Design refers not just to how the site looks, but also to everything customers can do in the e-shop and which content they see when. Offering users the right additional item at just the right moment or reducing hurdles to check-out can increase sales significantly. Frequently, customers pay higher prices without hesitating if they notice that shipping is very fast or that the pictures in the shop are really meaningful, realistic, and big. But if the navigation, the shopping cart or check-out is subject to errors, customers may gladly pay a little more to shop with the competition.
What are frequent errors in CX research?
I have often noticed that even at the start of a research interview, users are confronted with questions such as “What do you think about…?” Questions like this usually don’t achieve the desired goal. The reason lies in the so-called “value-action gap,” which is a psychological gap between what people do and what they say.
Generally, people aren’t very good at reflecting on and correctly reporting their behavior, so customers may behave differently in an online shop than they tell the interviewer. It is critical for UX professionals to understand users’ behavior and translate the results into appropriate designs.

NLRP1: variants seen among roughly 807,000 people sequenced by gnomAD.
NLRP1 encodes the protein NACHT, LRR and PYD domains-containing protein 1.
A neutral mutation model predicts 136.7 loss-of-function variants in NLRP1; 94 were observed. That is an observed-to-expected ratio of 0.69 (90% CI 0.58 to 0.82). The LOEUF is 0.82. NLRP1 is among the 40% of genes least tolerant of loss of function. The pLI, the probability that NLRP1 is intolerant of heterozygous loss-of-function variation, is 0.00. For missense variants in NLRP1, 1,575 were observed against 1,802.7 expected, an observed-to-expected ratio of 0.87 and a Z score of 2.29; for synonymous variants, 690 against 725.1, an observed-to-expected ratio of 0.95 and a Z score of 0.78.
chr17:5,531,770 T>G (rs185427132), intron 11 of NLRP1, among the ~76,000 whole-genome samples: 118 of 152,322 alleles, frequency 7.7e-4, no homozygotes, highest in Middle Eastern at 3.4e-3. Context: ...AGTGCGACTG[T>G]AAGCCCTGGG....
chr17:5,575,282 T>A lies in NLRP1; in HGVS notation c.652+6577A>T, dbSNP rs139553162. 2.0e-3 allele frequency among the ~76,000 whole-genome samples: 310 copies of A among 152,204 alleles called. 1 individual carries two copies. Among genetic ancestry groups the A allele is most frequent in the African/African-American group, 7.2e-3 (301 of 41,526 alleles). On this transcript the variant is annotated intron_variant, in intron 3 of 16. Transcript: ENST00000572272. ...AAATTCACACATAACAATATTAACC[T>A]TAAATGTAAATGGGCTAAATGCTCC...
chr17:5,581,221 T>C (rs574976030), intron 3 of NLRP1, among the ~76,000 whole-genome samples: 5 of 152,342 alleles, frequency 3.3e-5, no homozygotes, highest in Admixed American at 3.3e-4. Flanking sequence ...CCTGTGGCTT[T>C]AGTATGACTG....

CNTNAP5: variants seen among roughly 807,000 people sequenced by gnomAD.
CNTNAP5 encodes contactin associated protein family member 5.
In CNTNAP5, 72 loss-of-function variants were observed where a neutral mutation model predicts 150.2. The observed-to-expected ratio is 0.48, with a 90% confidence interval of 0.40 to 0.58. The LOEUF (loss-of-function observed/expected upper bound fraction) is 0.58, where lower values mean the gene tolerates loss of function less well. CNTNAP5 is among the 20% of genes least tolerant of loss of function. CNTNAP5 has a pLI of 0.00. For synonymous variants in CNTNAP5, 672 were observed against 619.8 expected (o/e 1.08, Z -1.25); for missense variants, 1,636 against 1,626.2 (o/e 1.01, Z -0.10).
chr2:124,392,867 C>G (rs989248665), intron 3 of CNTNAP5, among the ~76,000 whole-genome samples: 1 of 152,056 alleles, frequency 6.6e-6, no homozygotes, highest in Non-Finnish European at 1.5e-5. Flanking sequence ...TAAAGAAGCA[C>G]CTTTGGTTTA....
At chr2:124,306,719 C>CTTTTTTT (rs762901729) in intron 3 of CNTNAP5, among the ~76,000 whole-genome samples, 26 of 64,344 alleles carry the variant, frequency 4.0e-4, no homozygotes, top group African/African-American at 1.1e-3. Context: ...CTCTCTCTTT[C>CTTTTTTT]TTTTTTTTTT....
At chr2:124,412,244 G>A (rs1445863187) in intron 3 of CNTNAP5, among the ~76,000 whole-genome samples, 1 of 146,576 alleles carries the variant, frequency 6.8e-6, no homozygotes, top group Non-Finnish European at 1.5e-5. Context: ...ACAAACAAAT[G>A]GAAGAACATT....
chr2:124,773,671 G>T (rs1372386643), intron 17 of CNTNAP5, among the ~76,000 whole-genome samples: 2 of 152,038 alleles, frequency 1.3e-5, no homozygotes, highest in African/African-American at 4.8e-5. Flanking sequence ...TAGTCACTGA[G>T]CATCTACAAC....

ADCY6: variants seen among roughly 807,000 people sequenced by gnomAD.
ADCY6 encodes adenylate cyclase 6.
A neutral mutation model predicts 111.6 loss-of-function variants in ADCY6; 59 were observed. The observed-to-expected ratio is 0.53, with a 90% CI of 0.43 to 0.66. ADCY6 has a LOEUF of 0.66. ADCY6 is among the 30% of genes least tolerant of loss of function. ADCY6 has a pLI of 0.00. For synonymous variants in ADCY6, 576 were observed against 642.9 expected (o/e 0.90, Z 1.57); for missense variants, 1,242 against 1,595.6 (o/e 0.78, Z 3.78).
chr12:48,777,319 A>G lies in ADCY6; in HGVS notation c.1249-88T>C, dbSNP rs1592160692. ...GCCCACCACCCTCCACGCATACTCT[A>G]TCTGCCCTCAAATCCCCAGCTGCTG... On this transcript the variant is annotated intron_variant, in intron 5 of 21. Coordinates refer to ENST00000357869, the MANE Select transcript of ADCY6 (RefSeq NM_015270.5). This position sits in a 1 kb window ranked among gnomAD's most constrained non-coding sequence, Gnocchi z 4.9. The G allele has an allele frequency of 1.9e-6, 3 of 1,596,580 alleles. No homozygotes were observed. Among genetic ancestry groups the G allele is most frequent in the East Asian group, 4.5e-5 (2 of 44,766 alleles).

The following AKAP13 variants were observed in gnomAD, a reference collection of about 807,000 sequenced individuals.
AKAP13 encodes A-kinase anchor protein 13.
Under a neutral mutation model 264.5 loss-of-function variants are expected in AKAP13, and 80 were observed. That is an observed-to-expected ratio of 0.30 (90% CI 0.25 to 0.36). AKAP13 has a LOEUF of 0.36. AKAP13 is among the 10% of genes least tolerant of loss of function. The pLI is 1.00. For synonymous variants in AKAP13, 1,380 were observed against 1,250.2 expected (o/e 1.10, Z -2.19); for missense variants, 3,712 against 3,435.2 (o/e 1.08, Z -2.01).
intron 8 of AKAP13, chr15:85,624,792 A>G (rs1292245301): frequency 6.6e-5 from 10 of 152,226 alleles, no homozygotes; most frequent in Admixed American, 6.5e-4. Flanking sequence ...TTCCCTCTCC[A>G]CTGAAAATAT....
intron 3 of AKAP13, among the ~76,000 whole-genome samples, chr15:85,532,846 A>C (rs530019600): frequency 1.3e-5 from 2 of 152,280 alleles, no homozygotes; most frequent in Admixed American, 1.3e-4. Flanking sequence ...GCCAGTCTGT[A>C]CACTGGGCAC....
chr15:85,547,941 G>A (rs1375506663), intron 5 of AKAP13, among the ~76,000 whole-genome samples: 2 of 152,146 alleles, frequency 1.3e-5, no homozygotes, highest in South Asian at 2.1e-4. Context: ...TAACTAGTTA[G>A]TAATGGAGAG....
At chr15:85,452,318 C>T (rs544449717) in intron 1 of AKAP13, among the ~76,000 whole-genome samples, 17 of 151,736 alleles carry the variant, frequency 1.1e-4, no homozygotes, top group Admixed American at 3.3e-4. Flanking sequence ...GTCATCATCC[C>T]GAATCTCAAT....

For e-commerce, you could use the analytics data as the behavioral basis and then conduct interviews based on this. If, for example, customers frequently return to a previous page during the check-out process, then the question “Why do you feel you need to go back again?” might be more productive than asking “What would you think of a check-out page like this?”
Only if UX professionals recognize problems with the check-out can they redesign the process so that the problems are solved. valantic’s customer Winterhalter + Fenner implemented a very good e-commerce solution, which won a “Best of Swiss Web” award in the “Digital Commerce” category.
What do you think: What percentage of sales are e-commerce operators giving away by operating a shop with poor CX and UX?
Customer experience is a very broad topic, one that is difficult to sum up in figures. That’s why it’s not possible to measure precisely what percentage e-shop operators are giving away with inadequate customer experience. What you can measure, however, are individual aspects of customer experience such as aborted transaction rates, average shopping cart size, the percentage of returning customers, and the time required for check-out. E-shop operators who optimize these figures stand to gain a lot.
Which tools and software can be used to perfect the dialogue with customers?
Perhaps it is astonishing, but I’m of the opinion that relatively simple tools and offline contact are becoming more important. Of course we live in a digital world and we also have a lot of digital tools to choose from. But when the concern is CX research, then whenever possible, personal contact with users is always very helpful, which means go and see or call them. You establish empathy through personal contact. In the end, the solutions that inspire people are the ones where we can establish a lot of empathy and users feel they are truly understood.
Thank you very much for the conversation, Vincent.